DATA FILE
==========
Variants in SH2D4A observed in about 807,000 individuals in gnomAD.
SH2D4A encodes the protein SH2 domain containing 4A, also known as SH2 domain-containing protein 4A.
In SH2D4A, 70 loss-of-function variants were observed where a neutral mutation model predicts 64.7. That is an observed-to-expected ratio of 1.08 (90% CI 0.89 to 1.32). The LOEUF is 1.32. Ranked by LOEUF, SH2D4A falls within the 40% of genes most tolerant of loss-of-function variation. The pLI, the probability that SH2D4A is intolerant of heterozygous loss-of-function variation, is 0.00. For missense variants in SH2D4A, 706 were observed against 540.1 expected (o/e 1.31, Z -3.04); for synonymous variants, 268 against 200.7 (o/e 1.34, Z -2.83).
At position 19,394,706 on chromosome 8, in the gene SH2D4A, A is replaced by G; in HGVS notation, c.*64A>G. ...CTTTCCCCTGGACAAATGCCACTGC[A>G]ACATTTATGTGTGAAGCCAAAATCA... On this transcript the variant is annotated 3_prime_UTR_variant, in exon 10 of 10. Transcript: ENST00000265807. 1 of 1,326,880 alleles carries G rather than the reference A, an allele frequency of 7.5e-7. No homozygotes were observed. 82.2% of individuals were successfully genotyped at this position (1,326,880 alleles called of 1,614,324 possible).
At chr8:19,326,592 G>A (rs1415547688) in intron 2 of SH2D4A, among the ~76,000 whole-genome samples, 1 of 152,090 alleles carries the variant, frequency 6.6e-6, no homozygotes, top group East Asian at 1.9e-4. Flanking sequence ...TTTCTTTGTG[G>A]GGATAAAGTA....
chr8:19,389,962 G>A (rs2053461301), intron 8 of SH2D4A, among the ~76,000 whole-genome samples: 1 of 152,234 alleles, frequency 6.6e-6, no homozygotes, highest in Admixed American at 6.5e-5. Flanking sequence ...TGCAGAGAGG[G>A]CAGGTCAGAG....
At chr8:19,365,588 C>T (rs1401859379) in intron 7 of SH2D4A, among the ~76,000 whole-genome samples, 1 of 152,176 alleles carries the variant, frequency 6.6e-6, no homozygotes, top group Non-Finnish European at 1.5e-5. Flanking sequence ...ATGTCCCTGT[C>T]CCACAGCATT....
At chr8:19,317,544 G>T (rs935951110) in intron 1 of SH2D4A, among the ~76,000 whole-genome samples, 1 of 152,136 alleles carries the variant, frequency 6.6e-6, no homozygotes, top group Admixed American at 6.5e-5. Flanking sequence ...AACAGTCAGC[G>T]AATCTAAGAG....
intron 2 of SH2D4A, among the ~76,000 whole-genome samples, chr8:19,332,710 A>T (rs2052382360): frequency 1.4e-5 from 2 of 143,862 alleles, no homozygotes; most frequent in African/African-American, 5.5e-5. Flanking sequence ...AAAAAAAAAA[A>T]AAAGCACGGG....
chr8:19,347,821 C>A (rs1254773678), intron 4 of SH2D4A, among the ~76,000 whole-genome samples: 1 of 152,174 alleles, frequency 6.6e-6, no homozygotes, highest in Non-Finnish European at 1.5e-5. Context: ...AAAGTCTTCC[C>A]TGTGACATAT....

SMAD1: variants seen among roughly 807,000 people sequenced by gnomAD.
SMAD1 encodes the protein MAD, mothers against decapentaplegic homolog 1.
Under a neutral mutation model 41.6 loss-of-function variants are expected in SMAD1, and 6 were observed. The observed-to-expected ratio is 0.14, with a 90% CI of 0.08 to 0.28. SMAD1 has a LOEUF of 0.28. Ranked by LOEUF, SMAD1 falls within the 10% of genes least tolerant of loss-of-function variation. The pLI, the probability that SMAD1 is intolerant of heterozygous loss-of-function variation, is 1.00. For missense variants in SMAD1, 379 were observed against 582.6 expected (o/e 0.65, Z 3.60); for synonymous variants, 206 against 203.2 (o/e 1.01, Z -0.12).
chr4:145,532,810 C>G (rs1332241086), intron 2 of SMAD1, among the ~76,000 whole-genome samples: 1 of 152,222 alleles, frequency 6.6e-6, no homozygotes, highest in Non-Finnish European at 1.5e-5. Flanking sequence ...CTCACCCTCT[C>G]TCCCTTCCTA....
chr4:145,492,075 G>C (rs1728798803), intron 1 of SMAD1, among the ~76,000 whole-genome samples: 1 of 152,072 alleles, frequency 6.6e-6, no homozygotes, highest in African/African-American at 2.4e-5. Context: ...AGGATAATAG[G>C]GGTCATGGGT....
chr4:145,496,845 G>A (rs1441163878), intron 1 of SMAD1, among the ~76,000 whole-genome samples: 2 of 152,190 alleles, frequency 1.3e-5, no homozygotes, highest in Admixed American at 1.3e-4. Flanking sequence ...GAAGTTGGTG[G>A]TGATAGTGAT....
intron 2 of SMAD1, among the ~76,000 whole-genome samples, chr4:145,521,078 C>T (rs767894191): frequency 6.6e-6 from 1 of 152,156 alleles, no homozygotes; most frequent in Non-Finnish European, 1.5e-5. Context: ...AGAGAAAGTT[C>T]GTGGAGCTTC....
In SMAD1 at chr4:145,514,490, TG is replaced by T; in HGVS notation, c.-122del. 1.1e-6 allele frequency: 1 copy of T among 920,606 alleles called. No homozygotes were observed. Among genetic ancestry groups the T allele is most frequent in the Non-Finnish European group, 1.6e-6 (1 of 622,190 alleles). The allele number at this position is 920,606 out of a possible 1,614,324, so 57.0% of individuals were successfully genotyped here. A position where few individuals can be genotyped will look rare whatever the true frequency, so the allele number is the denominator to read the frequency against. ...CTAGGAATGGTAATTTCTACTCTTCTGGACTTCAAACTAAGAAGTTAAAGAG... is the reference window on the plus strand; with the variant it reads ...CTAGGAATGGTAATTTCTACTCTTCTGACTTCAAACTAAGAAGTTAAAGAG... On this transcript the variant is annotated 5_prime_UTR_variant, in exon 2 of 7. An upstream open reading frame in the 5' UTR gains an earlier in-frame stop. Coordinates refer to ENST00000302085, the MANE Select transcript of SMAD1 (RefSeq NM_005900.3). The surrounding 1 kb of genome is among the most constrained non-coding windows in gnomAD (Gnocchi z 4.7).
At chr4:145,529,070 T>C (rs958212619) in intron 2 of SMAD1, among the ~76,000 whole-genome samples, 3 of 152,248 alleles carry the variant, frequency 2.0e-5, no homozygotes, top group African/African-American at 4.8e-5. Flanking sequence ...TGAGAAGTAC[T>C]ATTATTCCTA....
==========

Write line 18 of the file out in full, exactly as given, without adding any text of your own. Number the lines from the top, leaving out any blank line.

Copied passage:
In SMAD1 at chr4:145,514,490, TG is replaced by T; in HGVS notation, c.-122del. 1.1e-6 allele frequency: 1 copy of T among 920,606 alleles called. No homozygotes were observed. Among genetic ancestry groups the T allele is most frequent in the Non-Finnish European group, 1.6e-6 (1 of 622,190 alleles). The allele number at this position is 920,606 out of a possible 1,614,324, so 57.0% of individuals were successfully genotyped here. A position where few individuals can be genotyped will look rare whatever the true frequency, so the allele number is the denominator to read the frequency against. ...CTAGGAATGGTAATTTCTACTCTTCTGGACTTCAAACTAAGAAGTTAAAGAG... is the reference window on the plus strand; with the variant it reads ...CTAGGAATGGTAATTTCTACTCTTCTGACTTCAAACTAAGAAGTTAAAGAG... On this transcript the variant is annotated 5_prime_UTR_variant, in exon 2 of 7. An upstream open reading frame in the 5' UTR gains an earlier in-frame stop. Coordinates refer to ENST00000302085, the MANE Select transcript of SMAD1 (RefSeq NM_005900.3). The surrounding 1 kb of genome is among the most constrained non-coding windows in gnomAD (Gnocchi z 4.7).